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What Is Landscaping Fabric?

By Shelly McRae

Landscaping fabric can be used for a variety of outdoor projects. It is suitable for rock gardens, flowerbeds, around trees and bushes and areas landscaped for ground cover and shrubbery. Landscaping fabric, also called geotextiles, is made from polypropylene, a synthetic plastic material. Unlike plastic sheeting, landscape fabric is a breathable material that allows air circulation between the soil and the mulch.


Landscape fabric can be perforated, woven, nonwoven or spun bonded. Perforated, or needle punched, has pin-size holes throughout, while woven employs a criss-cross weave. Spun bonded fabric patterns resemble webs, creating a strong resistance to tearing. Nonwoven landscape fabric is also spun, but the weave is denser and the fabric is thicker.


Landscape fabric is designed to act as a weed barrier without restricting air and water flow to the plants' roots. It helps to maintain a more even soil temperature and slows evaporation down without allowing moisture build-up, which can lead to molds or mildew.


Landscape fabric is not a weed killer. Placing landscape fabric over a weedy or grassy area will not prevent the weeds and grass from continuing to grow. Once an area has been cleared, and the seeds killed off, adding landscape fabric can provide protection against new weeds or grasses taking root in the area. However, if there are cuts in the fabric to allow for plants, seeds may take root there, close to the plants' base.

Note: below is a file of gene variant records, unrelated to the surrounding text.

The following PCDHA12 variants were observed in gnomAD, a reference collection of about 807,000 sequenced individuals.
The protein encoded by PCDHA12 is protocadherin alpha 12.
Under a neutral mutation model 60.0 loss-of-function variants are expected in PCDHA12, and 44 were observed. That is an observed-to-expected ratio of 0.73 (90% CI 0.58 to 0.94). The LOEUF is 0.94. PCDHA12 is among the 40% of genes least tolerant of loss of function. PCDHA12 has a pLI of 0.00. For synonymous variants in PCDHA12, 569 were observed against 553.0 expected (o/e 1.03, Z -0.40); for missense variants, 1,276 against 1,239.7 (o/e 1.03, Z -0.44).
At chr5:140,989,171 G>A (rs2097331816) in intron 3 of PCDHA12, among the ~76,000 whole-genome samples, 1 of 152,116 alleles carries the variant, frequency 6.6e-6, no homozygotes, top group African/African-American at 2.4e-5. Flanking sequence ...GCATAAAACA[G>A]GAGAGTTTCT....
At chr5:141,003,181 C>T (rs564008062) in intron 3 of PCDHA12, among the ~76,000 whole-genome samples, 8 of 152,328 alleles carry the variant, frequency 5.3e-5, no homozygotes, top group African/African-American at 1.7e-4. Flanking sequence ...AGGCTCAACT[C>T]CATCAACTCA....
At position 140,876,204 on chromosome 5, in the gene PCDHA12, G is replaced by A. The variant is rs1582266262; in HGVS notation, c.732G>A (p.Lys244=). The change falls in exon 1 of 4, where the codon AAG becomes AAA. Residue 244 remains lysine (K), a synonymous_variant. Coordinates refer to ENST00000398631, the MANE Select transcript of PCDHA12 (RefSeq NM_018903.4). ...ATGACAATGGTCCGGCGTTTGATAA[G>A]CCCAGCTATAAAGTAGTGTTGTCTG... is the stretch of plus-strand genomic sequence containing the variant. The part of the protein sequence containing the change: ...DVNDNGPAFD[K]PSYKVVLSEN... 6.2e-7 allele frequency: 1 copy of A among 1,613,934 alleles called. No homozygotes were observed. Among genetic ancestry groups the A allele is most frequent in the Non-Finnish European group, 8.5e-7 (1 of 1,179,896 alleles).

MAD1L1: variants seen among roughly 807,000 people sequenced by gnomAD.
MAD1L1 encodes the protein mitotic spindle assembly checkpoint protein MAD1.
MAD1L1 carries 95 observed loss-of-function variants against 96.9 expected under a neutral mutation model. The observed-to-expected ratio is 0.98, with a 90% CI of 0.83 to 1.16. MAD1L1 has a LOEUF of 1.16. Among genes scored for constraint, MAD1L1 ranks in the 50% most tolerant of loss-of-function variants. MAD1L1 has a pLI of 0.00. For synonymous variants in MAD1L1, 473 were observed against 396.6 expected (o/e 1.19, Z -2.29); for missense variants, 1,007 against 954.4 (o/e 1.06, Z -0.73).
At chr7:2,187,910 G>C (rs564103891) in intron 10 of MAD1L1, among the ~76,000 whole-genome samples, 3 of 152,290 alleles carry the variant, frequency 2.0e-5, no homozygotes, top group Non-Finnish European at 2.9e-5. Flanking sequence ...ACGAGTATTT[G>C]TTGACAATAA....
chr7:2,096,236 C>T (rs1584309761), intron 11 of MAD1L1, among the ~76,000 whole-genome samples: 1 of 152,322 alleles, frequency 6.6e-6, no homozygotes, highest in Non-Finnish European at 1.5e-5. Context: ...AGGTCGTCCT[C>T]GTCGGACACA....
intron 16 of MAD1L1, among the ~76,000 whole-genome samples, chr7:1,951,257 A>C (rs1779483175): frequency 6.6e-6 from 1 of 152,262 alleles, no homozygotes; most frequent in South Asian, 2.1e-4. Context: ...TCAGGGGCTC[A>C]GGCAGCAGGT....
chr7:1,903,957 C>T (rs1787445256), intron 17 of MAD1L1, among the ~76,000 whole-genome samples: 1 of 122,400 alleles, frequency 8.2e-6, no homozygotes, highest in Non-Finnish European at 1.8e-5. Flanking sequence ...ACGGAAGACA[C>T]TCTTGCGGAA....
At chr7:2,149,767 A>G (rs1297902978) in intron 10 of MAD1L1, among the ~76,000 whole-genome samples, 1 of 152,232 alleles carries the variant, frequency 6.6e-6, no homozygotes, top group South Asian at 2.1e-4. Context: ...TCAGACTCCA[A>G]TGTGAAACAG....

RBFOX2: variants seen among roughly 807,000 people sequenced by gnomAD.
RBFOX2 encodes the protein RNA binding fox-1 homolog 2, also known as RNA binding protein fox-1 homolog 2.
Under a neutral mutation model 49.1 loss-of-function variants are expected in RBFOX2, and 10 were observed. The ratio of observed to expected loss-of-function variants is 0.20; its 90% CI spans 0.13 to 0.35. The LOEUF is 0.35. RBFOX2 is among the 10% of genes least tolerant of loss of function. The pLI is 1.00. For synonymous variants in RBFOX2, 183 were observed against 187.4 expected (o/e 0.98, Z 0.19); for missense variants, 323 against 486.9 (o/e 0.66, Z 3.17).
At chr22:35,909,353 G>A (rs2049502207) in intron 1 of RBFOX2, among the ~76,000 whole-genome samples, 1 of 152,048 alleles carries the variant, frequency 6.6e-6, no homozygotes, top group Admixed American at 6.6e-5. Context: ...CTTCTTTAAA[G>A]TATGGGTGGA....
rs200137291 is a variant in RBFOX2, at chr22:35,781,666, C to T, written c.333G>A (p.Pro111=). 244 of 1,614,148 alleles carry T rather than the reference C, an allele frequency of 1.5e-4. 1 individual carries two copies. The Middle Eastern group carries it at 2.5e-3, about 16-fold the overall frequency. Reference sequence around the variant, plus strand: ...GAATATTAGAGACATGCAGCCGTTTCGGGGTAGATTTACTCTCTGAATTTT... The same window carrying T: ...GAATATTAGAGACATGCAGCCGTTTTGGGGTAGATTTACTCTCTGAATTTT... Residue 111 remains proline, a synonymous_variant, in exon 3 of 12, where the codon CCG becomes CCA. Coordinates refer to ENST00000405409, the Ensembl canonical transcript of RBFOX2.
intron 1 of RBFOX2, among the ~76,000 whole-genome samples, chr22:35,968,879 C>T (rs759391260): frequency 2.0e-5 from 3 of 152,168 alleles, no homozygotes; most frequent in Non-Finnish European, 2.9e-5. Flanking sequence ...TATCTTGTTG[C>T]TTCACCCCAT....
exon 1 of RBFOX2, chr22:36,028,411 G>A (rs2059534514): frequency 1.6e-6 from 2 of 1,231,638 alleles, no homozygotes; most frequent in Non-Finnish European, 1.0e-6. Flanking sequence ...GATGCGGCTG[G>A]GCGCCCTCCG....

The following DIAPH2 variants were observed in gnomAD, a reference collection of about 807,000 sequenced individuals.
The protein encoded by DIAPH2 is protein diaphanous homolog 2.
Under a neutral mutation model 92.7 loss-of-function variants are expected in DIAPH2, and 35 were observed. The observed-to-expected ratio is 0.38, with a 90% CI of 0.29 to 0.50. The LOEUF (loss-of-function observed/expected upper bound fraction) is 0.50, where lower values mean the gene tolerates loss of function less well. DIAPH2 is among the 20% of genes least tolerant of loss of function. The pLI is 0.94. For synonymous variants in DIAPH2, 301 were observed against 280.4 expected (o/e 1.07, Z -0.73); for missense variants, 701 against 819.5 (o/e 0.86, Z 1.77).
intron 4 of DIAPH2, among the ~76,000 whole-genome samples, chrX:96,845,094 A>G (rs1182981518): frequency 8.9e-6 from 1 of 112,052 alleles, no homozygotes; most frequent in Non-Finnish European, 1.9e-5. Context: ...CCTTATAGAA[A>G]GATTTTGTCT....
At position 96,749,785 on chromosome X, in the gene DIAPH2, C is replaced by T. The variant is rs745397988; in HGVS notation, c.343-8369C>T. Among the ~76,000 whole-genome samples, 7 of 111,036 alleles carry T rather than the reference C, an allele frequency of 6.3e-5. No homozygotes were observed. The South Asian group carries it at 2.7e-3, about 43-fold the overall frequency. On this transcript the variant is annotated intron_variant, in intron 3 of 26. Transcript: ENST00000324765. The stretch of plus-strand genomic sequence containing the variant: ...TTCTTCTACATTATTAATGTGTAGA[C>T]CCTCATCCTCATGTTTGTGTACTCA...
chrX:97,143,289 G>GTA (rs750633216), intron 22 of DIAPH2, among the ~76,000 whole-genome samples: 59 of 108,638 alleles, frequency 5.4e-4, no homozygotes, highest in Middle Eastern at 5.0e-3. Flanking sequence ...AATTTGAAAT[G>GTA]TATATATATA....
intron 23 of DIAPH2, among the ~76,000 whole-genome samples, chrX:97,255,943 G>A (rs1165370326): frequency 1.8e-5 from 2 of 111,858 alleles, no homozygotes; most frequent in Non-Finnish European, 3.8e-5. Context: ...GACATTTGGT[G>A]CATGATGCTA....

Landscape fabric has an average life span of five years. Exposure to the sun does cause deterioration. Landscape fabric is generally used with mulch, such as bark mulch, or a ground cover. Landscape fabric can be used beneath stone walkways or behind retaining walls, and will have a longer life span if kept completely covered.


Landscape fabric can be installed over any cleared ground area. Seams should overlap by 3 to 6 inches; this prevents unwanted weeds and grasses from sprouting along seam lines. Hold landscape fabric in place with landscape staples along the edges and seams. Make slits in the fabric where plants are to be placed; a razor knife can be used to make the slits. Cover the landscape fabric completely with mulch. If using a ground cover, add mulch until the ground cover fills in.


About the Author


Shelly McRae is a freelance writer residing in Phoenix, Ariz. Having earned an associate degree from Glendale Community College with a major in graphic design and technical writing, she turned to online writing. McRae has written articles for multiple websites, drawing on her experience in the home improvement industry and hydroponic gardening.